And now we get to the other half of today’s explanation. The title (Golden Nugget Extensions) is a both a double-entendre as well as a deliberate explanation of what it is. First and foremost, it is taking TGN and adding an expansion pack to it. Things you probably hadn’t thought of when playing with TGN assuming that you have watched the video and learned something from it. Secondly, it’s also applying an element of Tango that doesn’t get a whole lot of usage except maybe in Milonga: The Incremental Step (Traspie) & The Check Step. Golden Nugget Extensions fuses these two important elements into one core concept that you want to apply to your dance. This is the Golden Nugget Extensions principle.
Difficulty Rating: (3 / 5)
From a Following Perspective, this is one of the very few times in Argentine Tango where the Follower has oodles of control over what’s being done to and with them, but not when it’s done to and with them. 🙁
The Upside of this stuff. Every single extension, every single transfer phase, every single perihelion phase you have control. You have control over the execution of the extension itself, how it looks, how it responds, what the shape of your leg looks like, and to a certain degree you have control over where the leg goes, but not when it starts. You have control over where your foot lands (to a certain degree), and what part of your foot you’re going to use. But again, you have absolutely zero control over when something is initiated, and/or when it stops. But you do have a limited amount of control over the duration of the extension, foot placement, and the resulting body position and placement (under certain conditions) assuming that the Lead isn’t squeezing the living daylights out of you, or the Lead isn’t placing you in their Armpit (see: The Armpit Dancer). Assuming all of that, you have more control than you believe you do.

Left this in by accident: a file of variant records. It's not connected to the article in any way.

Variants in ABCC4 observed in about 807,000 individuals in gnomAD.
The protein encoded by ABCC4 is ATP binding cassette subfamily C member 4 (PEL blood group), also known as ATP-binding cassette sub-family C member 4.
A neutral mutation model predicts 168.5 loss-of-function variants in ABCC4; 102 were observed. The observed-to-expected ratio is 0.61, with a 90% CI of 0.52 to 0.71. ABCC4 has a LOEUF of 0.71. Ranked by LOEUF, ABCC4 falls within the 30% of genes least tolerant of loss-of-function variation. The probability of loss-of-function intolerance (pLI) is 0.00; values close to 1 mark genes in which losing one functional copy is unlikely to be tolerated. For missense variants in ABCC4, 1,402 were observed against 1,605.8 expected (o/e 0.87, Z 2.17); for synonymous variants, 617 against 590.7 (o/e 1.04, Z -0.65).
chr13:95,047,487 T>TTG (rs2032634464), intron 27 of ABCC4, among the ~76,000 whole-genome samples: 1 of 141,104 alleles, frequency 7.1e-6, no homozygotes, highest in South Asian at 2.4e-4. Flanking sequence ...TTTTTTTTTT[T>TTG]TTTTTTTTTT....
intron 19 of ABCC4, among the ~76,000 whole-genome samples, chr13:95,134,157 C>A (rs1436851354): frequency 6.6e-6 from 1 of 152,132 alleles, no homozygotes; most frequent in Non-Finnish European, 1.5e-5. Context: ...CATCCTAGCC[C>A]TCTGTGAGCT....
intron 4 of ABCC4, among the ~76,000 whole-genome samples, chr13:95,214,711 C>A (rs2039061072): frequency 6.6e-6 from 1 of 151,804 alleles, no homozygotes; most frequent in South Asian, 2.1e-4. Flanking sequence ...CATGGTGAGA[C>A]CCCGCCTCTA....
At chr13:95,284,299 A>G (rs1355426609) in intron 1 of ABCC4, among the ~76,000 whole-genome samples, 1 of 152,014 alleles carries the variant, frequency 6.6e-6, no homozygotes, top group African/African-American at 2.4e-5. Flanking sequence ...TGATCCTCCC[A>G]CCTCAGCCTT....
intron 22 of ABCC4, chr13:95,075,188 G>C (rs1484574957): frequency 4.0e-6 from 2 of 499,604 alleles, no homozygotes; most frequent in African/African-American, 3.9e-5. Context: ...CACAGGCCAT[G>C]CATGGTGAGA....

The Downside of this stuff. There’s always a downside with these things. Always. 9 times out of 10, the Lead … you remember the Lead you said “Yes” to their cabeceo ? That one! 9 times out of 10, they’re rushing through X, to get to Y, to arrive at Z. And you have about as much time as it takes to blink as you do to take your sweet time to do X, or for that matter Y, while not even aware that Z is going to happen. Time is a factor you don’t necessarily control here in this stuff. Sadly. However, if you invoke certain aspects of being an Active Follower you can slow down the Lead, deliberately, and thereby give yourself enough time to execute what you desire. There are Seven (7) places where that can happen by the way, which are quite considerable by the way: 1.) The Argentine Cross/All Crosses. 2.) All 3 steps of the Follower’s Molinete & the Lead’s Giro/The Lead’s Molinete/Follower’s Giro, and all 8 Turns including and especially the Follower’s Calisita! 3.) Any of the 8 types of Ochos [a.) Linear Ochos. b.) Milonguero Ochos. c.) Traveling Ochos. d.) Circular Ochos. e.) Over-Rotated Ochos. f.) Anti-Ochos. g.) Milonga Ochos. h.) Time Ochos.] 4.) Paradas. 5.) Barridas. 6.) The Linear Ocho Cortado/The Circular Ocho Cortado. 7.) Any and all Vocabulary Transition (going from one idea to the next).